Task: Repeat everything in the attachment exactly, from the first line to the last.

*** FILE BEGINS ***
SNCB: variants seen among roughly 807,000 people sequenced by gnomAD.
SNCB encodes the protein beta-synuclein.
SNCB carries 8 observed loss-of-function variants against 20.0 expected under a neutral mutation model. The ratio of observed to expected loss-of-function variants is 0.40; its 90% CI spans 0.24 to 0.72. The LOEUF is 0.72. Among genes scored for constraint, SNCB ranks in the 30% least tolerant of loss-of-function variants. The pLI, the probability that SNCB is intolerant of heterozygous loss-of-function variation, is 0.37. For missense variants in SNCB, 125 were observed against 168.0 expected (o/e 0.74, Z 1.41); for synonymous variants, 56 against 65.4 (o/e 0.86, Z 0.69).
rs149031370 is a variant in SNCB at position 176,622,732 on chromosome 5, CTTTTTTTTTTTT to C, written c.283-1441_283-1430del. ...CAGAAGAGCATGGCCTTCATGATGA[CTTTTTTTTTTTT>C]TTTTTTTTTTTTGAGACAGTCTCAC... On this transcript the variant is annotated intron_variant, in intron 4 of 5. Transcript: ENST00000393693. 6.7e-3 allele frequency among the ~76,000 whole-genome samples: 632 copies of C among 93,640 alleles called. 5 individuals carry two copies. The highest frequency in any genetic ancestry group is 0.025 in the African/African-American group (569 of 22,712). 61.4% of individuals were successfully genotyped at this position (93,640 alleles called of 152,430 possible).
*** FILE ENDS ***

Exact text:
SNCB: variants seen among roughly 807,000 people sequenced by gnomAD.
SNCB encodes the protein beta-synuclein.
SNCB carries 8 observed loss-of-function variants against 20.0 expected under a neutral mutation model. The ratio of observed to expected loss-of-function variants is 0.40; its 90% CI spans 0.24 to 0.72. The LOEUF is 0.72. Among genes scored for constraint, SNCB ranks in the 30% least tolerant of loss-of-function variants. The pLI, the probability that SNCB is intolerant of heterozygous loss-of-function variation, is 0.37. For missense variants in SNCB, 125 were observed against 168.0 expected (o/e 0.74, Z 1.41); for synonymous variants, 56 against 65.4 (o/e 0.86, Z 0.69).
rs149031370 is a variant in SNCB at position 176,622,732 on chromosome 5, CTTTTTTTTTTTT to C, written c.283-1441_283-1430del. ...CAGAAGAGCATGGCCTTCATGATGA[CTTTTTTTTTTTT>C]TTTTTTTTTTTTGAGACAGTCTCAC... On this transcript the variant is annotated intron_variant, in intron 4 of 5. Transcript: ENST00000393693. 6.7e-3 allele frequency among the ~76,000 whole-genome samples: 632 copies of C among 93,640 alleles called. 5 individuals carry two copies. The highest frequency in any genetic ancestry group is 0.025 in the African/African-American group (569 of 22,712). 61.4% of individuals were successfully genotyped at this position (93,640 alleles called of 152,430 possible).